Stone Castle Recycling CEO Anthony Stoddard and employee Jamen Wood were indicted on federal charges in July 2017, accused of improperly storing and disposing of hazardous waste and knowingly omitting material information on a manifest. The case is in U.S. District Court in the District of Utah, Northern Division.
In June 2018, Stoddard pleaded guilty to one count of knowingly storing hazardous waste without a permit, and Wood pleaded guilty to one count of knowingly omitting material information on a manifest. Other counts were dropped as part of the plea agreement with prosecutors.
Stone Castle Recycling, a Clearfield, Utah e-scrap collector that accepted CRTs and other material, began attracting the attention of state and federal regulators several years ago. The company and its facilities came under scrutiny for several reasons, including on-site fires and storage practices. The Basel Action Network (BAN) watchdog group later issued a report blasting Stone Castle for those issues and alleged it was involved with exporting e-scrap to Hong Kong.
In November, Wood was sentenced to four years of probation with no fines or restitution owed. Stoddard is scheduled to be sentenced on Jan. 28.
Stockpile draws regulatory interest
In early 2013, the U.S. EPA told Stoddard that tests of glass at his facility showed lead levels that classified it as hazardous waste. Shortly afterward, Wood told state regulators the company was “trying to get rid of its stockpiles of millions of pounds of CRT glass,” according to the indictment.
The company tried to negotiate a deal to send the glass to a non-hazardous waste landfill, but landfill representatives refused to take it. State regulators reiterated to Wood the glass was considered a hazardous waste.
In March 2013, Wood took a piece of panel glass and a piece of funnel glass and had them tested for lead to determine whether they constituted hazardous waste. He later told investigators he “did not know what he was doing when it came to testing,” according to a pre-sentencing recommendation from prosecutors, “and that he and Mr. Stoddard had ‘lots of different conversations’ that CRT glass was hazardous.”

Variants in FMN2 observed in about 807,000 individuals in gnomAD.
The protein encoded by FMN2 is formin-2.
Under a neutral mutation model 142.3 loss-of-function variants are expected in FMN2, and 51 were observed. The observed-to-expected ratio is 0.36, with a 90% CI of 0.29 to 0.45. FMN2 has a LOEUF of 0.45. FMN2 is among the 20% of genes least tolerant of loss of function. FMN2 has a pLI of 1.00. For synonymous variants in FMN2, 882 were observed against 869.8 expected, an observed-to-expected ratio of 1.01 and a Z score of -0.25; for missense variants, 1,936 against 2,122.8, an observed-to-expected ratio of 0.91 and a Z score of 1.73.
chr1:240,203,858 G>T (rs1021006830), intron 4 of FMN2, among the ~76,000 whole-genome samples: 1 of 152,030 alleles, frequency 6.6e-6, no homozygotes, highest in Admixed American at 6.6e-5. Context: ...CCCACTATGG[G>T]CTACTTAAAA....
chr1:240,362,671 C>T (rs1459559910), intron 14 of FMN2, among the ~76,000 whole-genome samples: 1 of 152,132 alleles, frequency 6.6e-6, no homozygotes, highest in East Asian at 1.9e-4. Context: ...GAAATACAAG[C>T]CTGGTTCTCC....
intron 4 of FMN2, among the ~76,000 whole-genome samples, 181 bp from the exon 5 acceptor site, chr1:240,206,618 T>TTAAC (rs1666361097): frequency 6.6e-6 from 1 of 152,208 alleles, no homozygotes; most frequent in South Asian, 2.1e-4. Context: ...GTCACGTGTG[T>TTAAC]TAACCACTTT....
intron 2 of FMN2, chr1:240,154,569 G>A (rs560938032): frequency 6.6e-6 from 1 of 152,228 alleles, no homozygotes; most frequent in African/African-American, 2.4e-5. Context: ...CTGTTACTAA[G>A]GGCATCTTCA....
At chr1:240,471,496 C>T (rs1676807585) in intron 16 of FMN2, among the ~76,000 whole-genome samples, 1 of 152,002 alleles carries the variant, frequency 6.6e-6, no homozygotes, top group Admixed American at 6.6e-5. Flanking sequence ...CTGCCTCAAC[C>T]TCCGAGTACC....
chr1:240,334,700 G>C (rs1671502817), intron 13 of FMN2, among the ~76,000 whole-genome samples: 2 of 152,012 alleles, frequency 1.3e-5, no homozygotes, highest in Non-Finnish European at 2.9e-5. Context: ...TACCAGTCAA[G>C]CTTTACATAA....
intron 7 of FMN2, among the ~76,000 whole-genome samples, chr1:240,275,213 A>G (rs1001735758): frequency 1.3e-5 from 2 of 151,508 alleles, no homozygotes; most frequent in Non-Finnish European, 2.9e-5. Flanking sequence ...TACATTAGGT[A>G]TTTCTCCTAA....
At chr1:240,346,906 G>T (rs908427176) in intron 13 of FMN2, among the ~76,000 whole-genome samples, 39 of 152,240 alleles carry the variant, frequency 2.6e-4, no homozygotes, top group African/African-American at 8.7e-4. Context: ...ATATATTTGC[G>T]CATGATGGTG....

The test results showed that the two pieces of glass were not hazardous, according to court documents. Prosecutors later attributed that to the small sample size and specific samples of glass submitted for testing.
Wood then contacted multiple other landfills, each of which declined to take the material because it was hazardous waste. Finally, he contacted Clean Harbors Grassy Mountain, a landfill that had both hazardous and non-hazardous waste storage capacity.
Although it could accept hazardous waste, after a landfill representative looked at the test results, the landfill agreed to accept CRT glass that was labeled as non-hazardous material, which required a far lower fee from the supplier. Wood sent 304,000 pounds of crushed CRT glass labeled “non-hazardous” in two shipments. Regulators learned what was going on and stopped a third shipment from being delivered to the landfill. They tested samples of the shipment and found it was hazardous, according to the pre-sentencing recommendation.
Stone Castle was barred from sending any more glass to Clean Harbors’ non-hazardous waste landfill. The landfill “had to take some remedial action” for the glass that had already been delivered, but the environmental impacts were “minimal,” according to court filings.
Regulators find significant tonnage
State inspectors visited Stone Castle three times during the summer of 2013. During the first visit, they observed 912 gaylords holding nearly 3.5 million pounds of CRT glass, stored inside and outside the warehouse. On the next visit, there were 1,411 gaylord boxes, and during their final visit, they found 1,458 boxes. Some were open and glass had spilled to the ground, the indictment states.
The Utah Department of Waste Management and Radiation Control issued Stoddard a violation of hazardous waste laws, ordering him to immediately move the boxes of glass indoors.
Stoddard said his business was working to meet the requirements to operate the facility in compliance with hazardous waste laws. The following year, Stone Castle vacated the facility “and abandoned the hundreds of boxes of CRT glass both inside and outside of the facility,” according to the indictment.
In the sentencing documents for Wood, the U.S. Attorney’s Office recommended no prison time and a probation period of four years, even though the crime carried a potential range of one to seven months of incarceration.
They said the lower sentence was appropriate for a number of reasons, including that it was debatable whether there was an actual “victim” of his crime. The landfill could be considered negligent, they indicated, because it had an employee review “test results that were obviously substandard” and physically inspect the CRT glass that was being disposed of.
The attorneys also noted that Wood’s actions did not result in “catastrophic harm” and that the pressure of keeping his job needed to be taken into account.
Photo credit: Maren Winter/Shutterstock
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